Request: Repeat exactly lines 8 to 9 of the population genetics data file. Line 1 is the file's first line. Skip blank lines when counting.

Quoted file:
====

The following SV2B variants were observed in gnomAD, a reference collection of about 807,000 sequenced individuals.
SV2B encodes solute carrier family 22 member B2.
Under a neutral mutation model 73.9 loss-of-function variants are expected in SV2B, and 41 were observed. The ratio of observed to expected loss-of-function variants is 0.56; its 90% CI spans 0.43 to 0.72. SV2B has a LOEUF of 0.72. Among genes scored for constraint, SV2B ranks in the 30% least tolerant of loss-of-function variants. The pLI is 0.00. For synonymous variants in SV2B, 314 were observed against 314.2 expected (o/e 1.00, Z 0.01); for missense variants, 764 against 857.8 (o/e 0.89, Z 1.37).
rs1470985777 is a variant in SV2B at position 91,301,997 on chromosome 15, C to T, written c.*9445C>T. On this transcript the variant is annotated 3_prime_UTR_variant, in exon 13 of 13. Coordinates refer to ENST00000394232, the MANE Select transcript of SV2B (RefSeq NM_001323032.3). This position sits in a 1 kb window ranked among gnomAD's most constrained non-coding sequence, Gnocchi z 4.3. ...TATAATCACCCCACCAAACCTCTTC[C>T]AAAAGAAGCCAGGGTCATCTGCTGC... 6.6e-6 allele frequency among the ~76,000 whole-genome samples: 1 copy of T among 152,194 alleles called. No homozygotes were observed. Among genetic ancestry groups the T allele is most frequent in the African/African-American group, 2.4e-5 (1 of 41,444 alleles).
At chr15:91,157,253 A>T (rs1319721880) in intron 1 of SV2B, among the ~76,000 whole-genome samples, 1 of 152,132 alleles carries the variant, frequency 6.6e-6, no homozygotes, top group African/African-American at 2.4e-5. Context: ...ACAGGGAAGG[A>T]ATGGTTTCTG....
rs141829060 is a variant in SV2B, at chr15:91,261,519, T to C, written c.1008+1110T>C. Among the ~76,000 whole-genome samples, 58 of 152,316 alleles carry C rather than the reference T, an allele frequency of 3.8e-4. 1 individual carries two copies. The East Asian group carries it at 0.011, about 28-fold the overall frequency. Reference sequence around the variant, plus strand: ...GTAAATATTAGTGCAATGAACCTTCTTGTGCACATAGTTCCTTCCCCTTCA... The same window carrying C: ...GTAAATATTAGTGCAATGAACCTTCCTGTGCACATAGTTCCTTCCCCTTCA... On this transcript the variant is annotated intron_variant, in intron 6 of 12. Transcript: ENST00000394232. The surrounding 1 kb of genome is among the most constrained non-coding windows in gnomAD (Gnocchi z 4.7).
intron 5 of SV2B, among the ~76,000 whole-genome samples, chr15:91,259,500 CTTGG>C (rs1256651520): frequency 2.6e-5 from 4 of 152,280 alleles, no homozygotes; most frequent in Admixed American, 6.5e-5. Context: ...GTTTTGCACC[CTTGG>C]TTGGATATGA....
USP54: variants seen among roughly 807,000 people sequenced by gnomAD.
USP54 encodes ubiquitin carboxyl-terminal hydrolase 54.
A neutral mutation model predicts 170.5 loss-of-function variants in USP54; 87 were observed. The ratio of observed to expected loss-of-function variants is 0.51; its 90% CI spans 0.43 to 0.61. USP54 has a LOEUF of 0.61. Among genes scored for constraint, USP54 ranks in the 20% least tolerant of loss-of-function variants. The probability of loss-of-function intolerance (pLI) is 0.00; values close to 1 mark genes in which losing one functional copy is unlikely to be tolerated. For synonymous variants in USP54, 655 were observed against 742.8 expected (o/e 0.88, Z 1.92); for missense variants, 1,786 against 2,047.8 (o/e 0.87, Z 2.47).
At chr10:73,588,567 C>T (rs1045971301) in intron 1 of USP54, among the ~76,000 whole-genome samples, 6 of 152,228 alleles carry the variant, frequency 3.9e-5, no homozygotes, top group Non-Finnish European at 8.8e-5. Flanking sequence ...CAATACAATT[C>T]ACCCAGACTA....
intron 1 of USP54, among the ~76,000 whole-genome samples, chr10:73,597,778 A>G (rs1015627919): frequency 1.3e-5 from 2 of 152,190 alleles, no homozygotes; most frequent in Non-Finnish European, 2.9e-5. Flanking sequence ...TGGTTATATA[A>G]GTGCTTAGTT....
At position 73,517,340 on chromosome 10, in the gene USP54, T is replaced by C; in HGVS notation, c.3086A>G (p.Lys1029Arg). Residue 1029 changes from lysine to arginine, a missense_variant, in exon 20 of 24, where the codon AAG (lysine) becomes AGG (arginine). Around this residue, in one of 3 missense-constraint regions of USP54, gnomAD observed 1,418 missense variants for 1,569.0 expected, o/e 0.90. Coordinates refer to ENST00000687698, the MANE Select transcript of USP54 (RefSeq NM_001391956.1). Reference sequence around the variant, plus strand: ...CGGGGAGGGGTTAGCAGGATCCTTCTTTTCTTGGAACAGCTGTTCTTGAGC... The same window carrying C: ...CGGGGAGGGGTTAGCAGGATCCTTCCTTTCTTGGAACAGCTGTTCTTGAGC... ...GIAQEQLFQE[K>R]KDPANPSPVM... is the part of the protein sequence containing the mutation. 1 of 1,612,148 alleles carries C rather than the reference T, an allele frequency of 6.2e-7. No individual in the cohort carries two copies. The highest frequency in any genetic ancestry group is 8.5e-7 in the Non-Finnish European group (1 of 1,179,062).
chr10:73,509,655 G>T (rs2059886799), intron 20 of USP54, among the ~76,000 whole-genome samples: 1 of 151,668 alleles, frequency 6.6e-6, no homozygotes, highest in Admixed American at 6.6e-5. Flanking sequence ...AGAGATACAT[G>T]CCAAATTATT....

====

USP54: variants seen among roughly 807,000 people sequenced by gnomAD.
USP54 encodes ubiquitin carboxyl-terminal hydrolase 54.